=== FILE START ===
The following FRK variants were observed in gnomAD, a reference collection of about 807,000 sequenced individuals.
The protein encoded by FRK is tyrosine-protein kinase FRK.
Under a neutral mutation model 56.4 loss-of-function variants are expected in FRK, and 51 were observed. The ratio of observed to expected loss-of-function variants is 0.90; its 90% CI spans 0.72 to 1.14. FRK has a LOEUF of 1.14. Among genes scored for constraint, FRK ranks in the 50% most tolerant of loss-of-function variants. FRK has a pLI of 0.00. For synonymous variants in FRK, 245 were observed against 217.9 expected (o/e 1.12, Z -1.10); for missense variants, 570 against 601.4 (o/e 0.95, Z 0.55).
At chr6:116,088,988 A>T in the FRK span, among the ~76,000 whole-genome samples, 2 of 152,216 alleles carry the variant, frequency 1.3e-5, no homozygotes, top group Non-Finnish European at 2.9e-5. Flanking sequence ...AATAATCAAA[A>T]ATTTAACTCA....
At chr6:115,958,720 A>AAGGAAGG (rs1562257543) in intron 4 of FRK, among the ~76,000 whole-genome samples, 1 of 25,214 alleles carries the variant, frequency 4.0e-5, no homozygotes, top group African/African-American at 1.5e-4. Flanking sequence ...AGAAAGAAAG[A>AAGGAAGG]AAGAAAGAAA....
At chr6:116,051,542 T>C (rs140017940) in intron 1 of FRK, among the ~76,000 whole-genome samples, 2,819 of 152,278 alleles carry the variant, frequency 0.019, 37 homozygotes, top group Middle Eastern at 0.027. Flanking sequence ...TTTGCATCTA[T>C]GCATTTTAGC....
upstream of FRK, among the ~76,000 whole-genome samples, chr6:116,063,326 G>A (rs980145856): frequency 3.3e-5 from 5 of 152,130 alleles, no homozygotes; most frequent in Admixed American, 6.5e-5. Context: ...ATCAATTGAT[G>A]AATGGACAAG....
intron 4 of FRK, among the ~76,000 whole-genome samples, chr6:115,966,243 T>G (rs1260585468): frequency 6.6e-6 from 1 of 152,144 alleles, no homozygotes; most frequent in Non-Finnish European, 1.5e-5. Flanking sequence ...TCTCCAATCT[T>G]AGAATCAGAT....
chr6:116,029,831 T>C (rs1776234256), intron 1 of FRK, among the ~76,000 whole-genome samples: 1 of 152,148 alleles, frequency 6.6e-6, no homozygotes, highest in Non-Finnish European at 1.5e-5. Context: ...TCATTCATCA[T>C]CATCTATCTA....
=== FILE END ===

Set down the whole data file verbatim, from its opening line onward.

The following FRK variants were observed in gnomAD, a reference collection of about 807,000 sequenced individuals.
The protein encoded by FRK is tyrosine-protein kinase FRK.
Under a neutral mutation model 56.4 loss-of-function variants are expected in FRK, and 51 were observed. The ratio of observed to expected loss-of-function variants is 0.90; its 90% CI spans 0.72 to 1.14. FRK has a LOEUF of 1.14. Among genes scored for constraint, FRK ranks in the 50% most tolerant of loss-of-function variants. FRK has a pLI of 0.00. For synonymous variants in FRK, 245 were observed against 217.9 expected (o/e 1.12, Z -1.10); for missense variants, 570 against 601.4 (o/e 0.95, Z 0.55).
At chr6:116,088,988 A>T in the FRK span, among the ~76,000 whole-genome samples, 2 of 152,216 alleles carry the variant, frequency 1.3e-5, no homozygotes, top group Non-Finnish European at 2.9e-5. Flanking sequence ...AATAATCAAA[A>T]ATTTAACTCA....
At chr6:115,958,720 A>AAGGAAGG (rs1562257543) in intron 4 of FRK, among the ~76,000 whole-genome samples, 1 of 25,214 alleles carries the variant, frequency 4.0e-5, no homozygotes, top group African/African-American at 1.5e-4. Flanking sequence ...AGAAAGAAAG[A>AAGGAAGG]AAGAAAGAAA....
At chr6:116,051,542 T>C (rs140017940) in intron 1 of FRK, among the ~76,000 whole-genome samples, 2,819 of 152,278 alleles carry the variant, frequency 0.019, 37 homozygotes, top group Middle Eastern at 0.027. Flanking sequence ...TTTGCATCTA[T>C]GCATTTTAGC....
upstream of FRK, among the ~76,000 whole-genome samples, chr6:116,063,326 G>A (rs980145856): frequency 3.3e-5 from 5 of 152,130 alleles, no homozygotes; most frequent in Admixed American, 6.5e-5. Context: ...ATCAATTGAT[G>A]AATGGACAAG....
intron 4 of FRK, among the ~76,000 whole-genome samples, chr6:115,966,243 T>G (rs1260585468): frequency 6.6e-6 from 1 of 152,144 alleles, no homozygotes; most frequent in Non-Finnish European, 1.5e-5. Flanking sequence ...TCTCCAATCT[T>G]AGAATCAGAT....
chr6:116,029,831 T>C (rs1776234256), intron 1 of FRK, among the ~76,000 whole-genome samples: 1 of 152,148 alleles, frequency 6.6e-6, no homozygotes, highest in Non-Finnish European at 1.5e-5. Context: ...TCATTCATCA[T>C]CATCTATCTA....